Overall, unemployment stood at 57 percent as of the fourth quarter of 2014, compared to 10 percent in 2011 and up from 49 percent in the first quarter of 2014. Casual labour markets are reeling in conflict‑affected zones.
Overall, households spend 55 percent of their income on food compared to 45‑47 percent in 2011 and even less previously. People allocate more than two‑thirds of their income to food in Dara’a, Sweida, Aleppo and Hama, where households are prioritizing food purchases over other basic needs.
About 13.5 million people in need of urgent assistance, out of which 8.7 million in need of food security related assistance
In the Syrian Arab Republic, approximately 13.5 million people continue to be in need of urgent humanitarian assistance within the country, including more than 6.5 million people who are internally displaced. Over 1.2 million people have been displaced so far this year, many for the second or third time. Around 4.5 million people reside in areas categorized as hard to reach. Out of the 13.5 million in need of assistance, some 8.7 million are in need of food security assistance.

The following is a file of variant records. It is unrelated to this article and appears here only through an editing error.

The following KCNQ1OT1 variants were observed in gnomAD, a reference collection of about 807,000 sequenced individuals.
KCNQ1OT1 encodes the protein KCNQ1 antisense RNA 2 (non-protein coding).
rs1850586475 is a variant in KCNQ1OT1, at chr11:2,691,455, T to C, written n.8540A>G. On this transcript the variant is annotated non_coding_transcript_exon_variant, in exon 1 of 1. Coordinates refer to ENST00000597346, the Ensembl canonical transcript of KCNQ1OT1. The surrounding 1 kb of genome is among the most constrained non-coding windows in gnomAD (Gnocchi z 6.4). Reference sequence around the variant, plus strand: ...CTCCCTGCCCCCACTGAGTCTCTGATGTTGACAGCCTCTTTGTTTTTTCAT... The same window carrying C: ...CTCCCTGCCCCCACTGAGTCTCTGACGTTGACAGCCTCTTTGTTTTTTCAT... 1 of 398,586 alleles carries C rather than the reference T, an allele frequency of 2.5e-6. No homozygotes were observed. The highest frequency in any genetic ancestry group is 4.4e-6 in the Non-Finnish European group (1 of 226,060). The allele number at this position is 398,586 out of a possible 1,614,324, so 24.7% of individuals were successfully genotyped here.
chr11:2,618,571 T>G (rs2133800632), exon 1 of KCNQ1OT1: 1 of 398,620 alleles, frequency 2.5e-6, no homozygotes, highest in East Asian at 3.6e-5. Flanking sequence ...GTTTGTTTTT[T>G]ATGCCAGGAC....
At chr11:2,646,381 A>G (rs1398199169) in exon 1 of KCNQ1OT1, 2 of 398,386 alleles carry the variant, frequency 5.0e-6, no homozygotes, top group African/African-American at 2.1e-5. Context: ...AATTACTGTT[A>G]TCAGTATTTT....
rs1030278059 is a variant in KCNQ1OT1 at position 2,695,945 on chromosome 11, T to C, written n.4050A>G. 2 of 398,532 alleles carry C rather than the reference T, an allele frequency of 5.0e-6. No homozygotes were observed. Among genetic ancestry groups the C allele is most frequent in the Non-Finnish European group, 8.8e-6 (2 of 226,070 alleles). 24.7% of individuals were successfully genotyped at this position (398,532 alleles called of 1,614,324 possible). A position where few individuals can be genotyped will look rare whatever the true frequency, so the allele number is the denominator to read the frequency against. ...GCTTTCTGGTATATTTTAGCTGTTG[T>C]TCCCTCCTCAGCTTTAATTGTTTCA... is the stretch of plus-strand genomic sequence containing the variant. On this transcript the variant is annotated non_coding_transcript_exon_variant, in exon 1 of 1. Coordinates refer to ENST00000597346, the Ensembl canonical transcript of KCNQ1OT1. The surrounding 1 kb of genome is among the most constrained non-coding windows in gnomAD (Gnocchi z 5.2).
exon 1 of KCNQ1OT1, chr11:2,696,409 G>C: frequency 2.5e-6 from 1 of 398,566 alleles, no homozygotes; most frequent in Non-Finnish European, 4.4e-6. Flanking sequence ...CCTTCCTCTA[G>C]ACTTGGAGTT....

As of early April 2016, almost 4.8 million refugees are registered in the region covering Egypt, Iraq, Jordan, Lebanon and Turkey. In addition, a large share of the population lives abroad without seeking refugee registration. An average of 6 million people are reached monthly with food assistance (in kind and Cash/Voucher) and 880 000 people are reached with agriculture/livelihood support. Still, one of three people are unable to meet their basic food needs, with an estimated 8.7 million people in need of a range of food security related assistance.
The financial requirement of the food and agriculture sector is estimated at USD 1.2 billion (same as in 2015) to assist 7.5 million people with food‑related assistance and 4.3 million people with livelihoods‑related assistance. The main proposed livelihoods activities are cereal and legume seeds, vegetable and poultry production, vaccination and treatment of animals.